Worry and anxiety are often misunderstood feelings and many people miss the hidden messages shared by worrisome feelings. The truth is that in many, many cases anxiety can be leveraged for the good of the relationship.

When you notice feelings of anxiety arising, ask yourself what is underneath them. Is it a real worry, or something you’re holding on to out of a deeper fear from an old relationship, your childhood or some other relationship stress you witnessed?

If it’s an old fear, that’s something to deal with so it doesn’t hijack your current situation. But if it’s related to the relationship you’re currently in, perhaps it’s trying to tell you something you need to deal with now.

The very positive message about anxious feelings is that they are telling you to pay attention; to listen and to act on your worries before they become true challenges to your relationship. Anxiety, when used for good, can actually act as a motivator to do more for your relationship.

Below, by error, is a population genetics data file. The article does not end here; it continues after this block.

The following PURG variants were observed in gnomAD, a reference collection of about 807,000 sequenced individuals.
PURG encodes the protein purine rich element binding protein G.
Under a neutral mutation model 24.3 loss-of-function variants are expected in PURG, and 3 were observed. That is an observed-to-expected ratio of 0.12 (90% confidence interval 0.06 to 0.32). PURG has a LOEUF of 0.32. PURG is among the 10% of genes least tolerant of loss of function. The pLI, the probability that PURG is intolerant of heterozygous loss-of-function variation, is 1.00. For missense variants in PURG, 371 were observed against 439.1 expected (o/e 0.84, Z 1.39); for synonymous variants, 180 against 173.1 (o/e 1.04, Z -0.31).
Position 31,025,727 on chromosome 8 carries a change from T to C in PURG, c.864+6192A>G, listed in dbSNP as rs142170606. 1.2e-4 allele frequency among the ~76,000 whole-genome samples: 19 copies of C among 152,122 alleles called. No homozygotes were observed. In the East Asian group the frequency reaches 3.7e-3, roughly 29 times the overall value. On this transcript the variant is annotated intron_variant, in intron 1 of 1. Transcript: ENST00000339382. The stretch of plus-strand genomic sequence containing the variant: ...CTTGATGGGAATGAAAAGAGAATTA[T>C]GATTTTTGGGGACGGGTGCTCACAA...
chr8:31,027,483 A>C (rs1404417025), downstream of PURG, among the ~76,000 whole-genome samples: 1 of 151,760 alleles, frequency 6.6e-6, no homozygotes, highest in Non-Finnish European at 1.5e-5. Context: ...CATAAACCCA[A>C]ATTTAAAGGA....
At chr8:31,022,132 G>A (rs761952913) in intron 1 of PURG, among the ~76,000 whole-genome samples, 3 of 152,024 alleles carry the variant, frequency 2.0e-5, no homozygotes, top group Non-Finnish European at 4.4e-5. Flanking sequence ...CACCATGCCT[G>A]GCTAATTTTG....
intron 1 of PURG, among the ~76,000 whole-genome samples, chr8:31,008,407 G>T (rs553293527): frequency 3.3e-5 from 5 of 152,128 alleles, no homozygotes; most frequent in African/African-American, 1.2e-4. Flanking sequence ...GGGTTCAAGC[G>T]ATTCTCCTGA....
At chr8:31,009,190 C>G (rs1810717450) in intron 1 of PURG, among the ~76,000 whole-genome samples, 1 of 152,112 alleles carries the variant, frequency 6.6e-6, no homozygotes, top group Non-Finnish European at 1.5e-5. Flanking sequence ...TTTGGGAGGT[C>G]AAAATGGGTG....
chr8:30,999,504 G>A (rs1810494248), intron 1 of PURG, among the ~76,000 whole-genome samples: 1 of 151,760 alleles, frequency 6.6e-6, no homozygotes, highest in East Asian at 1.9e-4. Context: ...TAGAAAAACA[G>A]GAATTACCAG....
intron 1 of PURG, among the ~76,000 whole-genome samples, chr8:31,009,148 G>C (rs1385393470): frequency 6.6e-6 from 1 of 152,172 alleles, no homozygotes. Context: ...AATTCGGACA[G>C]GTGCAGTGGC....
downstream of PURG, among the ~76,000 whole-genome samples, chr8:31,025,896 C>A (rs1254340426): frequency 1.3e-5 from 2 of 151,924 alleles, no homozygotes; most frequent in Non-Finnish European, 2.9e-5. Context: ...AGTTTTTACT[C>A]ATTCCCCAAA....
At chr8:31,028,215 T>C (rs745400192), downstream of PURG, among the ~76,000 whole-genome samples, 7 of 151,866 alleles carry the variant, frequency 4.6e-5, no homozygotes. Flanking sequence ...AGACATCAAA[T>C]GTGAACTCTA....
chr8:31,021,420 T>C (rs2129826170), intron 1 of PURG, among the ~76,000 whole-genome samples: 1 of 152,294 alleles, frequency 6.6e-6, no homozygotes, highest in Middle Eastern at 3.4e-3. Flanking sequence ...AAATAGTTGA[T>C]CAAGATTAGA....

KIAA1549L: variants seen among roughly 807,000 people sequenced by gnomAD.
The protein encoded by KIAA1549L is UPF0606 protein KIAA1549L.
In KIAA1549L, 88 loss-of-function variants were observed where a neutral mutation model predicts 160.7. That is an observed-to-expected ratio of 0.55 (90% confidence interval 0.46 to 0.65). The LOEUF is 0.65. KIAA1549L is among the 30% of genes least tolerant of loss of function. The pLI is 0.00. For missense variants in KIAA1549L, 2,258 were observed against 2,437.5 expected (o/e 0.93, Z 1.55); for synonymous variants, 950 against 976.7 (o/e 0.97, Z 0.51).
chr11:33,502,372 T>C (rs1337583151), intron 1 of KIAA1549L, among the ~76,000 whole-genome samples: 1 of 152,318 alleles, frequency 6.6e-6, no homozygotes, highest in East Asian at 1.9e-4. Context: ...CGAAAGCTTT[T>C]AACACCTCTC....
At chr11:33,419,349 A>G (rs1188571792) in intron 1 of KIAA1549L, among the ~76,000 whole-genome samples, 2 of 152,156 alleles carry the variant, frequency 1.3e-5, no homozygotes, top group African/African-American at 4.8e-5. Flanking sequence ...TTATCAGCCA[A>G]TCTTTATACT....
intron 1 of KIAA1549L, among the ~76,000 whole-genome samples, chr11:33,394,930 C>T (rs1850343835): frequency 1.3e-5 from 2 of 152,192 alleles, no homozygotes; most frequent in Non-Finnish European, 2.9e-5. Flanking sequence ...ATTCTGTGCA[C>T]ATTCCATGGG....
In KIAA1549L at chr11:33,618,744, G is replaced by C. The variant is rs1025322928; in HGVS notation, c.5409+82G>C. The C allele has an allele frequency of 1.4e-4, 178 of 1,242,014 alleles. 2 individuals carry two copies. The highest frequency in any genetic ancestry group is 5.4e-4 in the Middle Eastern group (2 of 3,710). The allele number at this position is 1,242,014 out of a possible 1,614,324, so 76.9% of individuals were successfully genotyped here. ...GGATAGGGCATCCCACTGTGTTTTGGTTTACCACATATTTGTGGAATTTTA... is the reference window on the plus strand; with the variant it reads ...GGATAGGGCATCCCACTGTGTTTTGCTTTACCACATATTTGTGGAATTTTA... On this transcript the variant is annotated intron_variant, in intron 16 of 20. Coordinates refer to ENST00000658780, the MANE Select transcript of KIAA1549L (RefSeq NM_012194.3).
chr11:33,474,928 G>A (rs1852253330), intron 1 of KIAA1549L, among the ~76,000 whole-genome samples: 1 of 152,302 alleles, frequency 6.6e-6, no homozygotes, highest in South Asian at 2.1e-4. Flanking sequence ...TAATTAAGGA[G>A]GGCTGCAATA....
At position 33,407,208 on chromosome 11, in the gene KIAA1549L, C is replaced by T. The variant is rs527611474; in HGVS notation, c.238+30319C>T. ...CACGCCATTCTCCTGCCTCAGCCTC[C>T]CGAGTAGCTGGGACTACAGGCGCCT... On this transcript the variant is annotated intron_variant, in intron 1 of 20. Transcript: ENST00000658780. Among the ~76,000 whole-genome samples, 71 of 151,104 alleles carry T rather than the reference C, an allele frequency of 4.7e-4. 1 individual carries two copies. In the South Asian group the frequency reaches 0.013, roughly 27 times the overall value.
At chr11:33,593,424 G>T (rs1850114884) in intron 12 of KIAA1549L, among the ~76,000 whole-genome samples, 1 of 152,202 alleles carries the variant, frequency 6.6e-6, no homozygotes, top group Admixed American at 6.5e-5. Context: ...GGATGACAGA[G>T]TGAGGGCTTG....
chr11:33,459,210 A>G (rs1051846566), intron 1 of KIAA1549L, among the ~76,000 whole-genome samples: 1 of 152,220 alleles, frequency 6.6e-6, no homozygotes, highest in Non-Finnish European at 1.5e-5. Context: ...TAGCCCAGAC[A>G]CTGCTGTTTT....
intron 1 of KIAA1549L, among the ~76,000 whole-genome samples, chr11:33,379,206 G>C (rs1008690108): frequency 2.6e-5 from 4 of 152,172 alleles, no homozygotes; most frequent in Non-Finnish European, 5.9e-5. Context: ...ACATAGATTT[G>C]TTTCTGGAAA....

Remember that you will feel anxious when the things you hold dear are somehow at risk. Instead of letting that anxiety fester, act on it. When you take action, you will feel more in control of your happiness and less vulnerable to those around you.

If you find that acting on your anxious feelings is a challenge, that too is a sign that getting some help may be of value to you. Just remember, that anxiety rarely goes away completely on its own. Often it takes some skill building to transform a habit of being anxious into something more meaningful for your life.

Relationship stress is a part of life. We all face times when we feel more or less connected to our partner. These common stressors become genuine challenges when they are either ignored or misinterpreted. By learning how to understand what your relationship stressors are really telling you, you have to listen to the messages. Then act on your understanding so you put your relationship back on track.

 

If you struggle to do this, some support may be in order. I do suggest you begin by downloading my free eBook, “Naming Your Feelings: A Guide To Understanding Your Emotions.”

Alicia H. Clark, PsyD